Australia’s corporate insolvency regime has undergone significant reform with the passing of the Treasury Laws Amendment (2017 Enterprise Incentives No. 2) Bill 2017 (the Bill) through both houses of parliament.

One of the key elements of the reforms is the introduction of a “safe harbour” for company directors, operating as an exception to the civil insolvent trading provisions of section 588G(2) of the Corporations Act 2001 (Cth). The new regime will create a safe harbour for company directors from personal liability for insolvent trading if, once directors start to suspect a company may become or is insolvent, they start developing one or more courses of action that are reasonably likely to lead a better outcome for the company than placing it into liquidation or administration.

It is hoped the new regime will drive a cultural shift amongst boards by encouraging company directors to engage early with possible insolvency by investigating and developing turnaround or restructuring strategies with the benefit of the safe harbour provisions with a view to facilitating a company’s recovery, rather than being placing it prematurely into administration or liquidation.

For company directors to avail themselves of the safe harbour provisions, the restructure or turnaround strategy or strategies being developed must be reasonably likely to lead to a better outcome for the company than administration or liquidation would. No doubt this test will be the subject of judicial consideration in the future, however, the Bill already offers some guidance to directors in assessing whether a course of action is reasonably likely to lead to a better outcome, and by extension, whether the safe harbour regime may be engaged.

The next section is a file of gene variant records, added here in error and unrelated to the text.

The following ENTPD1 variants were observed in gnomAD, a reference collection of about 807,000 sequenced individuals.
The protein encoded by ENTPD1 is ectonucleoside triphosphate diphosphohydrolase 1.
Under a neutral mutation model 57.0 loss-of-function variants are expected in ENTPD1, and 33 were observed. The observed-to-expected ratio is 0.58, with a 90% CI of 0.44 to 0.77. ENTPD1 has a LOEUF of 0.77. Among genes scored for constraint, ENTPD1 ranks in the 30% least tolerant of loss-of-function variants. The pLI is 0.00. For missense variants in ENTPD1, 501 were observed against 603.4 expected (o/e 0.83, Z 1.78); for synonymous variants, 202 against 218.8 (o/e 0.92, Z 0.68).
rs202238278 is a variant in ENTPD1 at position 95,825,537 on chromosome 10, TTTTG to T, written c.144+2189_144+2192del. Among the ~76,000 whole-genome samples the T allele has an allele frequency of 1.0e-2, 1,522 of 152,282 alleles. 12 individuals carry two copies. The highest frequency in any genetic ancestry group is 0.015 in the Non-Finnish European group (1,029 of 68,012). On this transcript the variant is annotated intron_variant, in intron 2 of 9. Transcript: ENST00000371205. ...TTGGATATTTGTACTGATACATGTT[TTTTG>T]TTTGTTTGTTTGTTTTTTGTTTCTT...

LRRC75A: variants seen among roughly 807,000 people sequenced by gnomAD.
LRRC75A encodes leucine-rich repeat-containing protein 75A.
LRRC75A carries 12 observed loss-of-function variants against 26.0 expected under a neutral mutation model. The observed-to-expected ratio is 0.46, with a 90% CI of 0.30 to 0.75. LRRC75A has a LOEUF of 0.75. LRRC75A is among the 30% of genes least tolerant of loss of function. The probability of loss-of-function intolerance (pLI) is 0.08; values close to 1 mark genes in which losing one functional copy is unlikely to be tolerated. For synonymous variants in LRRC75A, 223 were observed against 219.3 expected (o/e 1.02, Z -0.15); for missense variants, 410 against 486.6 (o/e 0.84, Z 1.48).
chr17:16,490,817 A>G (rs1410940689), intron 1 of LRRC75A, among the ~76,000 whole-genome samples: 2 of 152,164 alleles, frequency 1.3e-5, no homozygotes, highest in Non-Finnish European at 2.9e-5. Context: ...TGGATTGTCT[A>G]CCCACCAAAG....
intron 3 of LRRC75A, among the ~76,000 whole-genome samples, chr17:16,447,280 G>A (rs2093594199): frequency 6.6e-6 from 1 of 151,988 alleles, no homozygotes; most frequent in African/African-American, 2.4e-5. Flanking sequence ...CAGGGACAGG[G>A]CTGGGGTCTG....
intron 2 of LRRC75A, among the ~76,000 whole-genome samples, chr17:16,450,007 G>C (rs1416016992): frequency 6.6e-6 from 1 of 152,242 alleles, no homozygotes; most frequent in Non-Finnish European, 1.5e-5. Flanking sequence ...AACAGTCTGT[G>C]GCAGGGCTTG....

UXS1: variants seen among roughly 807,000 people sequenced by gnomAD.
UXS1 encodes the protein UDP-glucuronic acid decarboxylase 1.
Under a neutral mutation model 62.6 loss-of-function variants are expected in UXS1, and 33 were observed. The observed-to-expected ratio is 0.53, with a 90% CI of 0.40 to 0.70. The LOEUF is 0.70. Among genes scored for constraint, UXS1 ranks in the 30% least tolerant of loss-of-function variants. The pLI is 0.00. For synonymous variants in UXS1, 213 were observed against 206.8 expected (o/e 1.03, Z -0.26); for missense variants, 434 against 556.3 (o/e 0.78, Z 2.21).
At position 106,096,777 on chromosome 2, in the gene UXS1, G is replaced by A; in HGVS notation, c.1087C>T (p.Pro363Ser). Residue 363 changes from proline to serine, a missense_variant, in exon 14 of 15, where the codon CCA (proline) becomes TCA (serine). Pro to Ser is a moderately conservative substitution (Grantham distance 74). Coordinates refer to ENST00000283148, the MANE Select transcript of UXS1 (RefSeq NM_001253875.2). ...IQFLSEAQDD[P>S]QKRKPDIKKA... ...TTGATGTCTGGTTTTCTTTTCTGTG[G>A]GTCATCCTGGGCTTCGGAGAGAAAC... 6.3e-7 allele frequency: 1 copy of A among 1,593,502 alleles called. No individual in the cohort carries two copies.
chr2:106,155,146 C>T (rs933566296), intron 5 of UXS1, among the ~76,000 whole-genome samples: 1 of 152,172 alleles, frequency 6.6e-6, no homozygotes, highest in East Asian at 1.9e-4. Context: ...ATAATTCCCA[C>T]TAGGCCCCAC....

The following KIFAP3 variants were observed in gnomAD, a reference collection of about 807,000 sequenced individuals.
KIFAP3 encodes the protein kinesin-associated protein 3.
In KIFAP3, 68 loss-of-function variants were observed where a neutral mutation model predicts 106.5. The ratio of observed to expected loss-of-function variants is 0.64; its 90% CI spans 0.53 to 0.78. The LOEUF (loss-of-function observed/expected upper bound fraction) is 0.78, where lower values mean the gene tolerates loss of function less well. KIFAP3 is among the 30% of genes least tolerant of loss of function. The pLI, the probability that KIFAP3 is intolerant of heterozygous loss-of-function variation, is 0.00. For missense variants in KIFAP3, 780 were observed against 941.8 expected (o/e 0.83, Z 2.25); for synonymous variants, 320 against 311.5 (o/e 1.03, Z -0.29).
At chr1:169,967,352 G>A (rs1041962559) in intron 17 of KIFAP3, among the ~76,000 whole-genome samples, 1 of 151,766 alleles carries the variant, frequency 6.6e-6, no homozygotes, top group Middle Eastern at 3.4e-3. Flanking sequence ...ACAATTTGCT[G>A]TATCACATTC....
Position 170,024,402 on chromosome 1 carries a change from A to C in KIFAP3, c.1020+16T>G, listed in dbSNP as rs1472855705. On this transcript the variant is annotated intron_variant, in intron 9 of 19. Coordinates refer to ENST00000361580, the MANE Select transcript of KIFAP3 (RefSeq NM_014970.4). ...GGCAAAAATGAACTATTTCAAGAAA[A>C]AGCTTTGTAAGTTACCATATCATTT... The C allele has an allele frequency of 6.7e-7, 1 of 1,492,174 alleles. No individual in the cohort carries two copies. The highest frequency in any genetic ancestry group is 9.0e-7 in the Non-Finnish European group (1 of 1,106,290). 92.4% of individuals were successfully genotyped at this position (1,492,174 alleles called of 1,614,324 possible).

Whether a course of action is reasonably likely to lead to a better outcome

Section 588GA(2) of the Bill offers some guidance to directors by listing actions that may be considered when determining whether a course of action is reasonably likely to lead to a better outcome for the company. One consideration of particular interest is whether a director is “obtaining advice from an appropriately qualified entity who was given sufficient information to give appropriate advice” (section 588GA(2)(d)).

The appointment of one or more advisers to assist with business turnaround may allow company directors to satisfy themselves (and a Court at some later time) that the strategy they are developing is reasonably likely to lead to a better outcome for the company and that the safe harbour provisions are available to the directors. The Bill terms any such adviser an “appropriately qualified entity” but is silent as to what constitutes “appropriately qualified.”

The Turnaround Management Association of Australia (TMA) considers that question in its TMA Best Practice Guidelines – Navigating Safe Harbour, published on 16 June 2017, and consider that the following qualifications should be held an adviser:

  • expertise in the operational management, financial and legal aspects of a restructuring;
  • tertiary qualifications (or their equivalent) in turnaround;
  • demonstrable turnaround/restructuring experience; and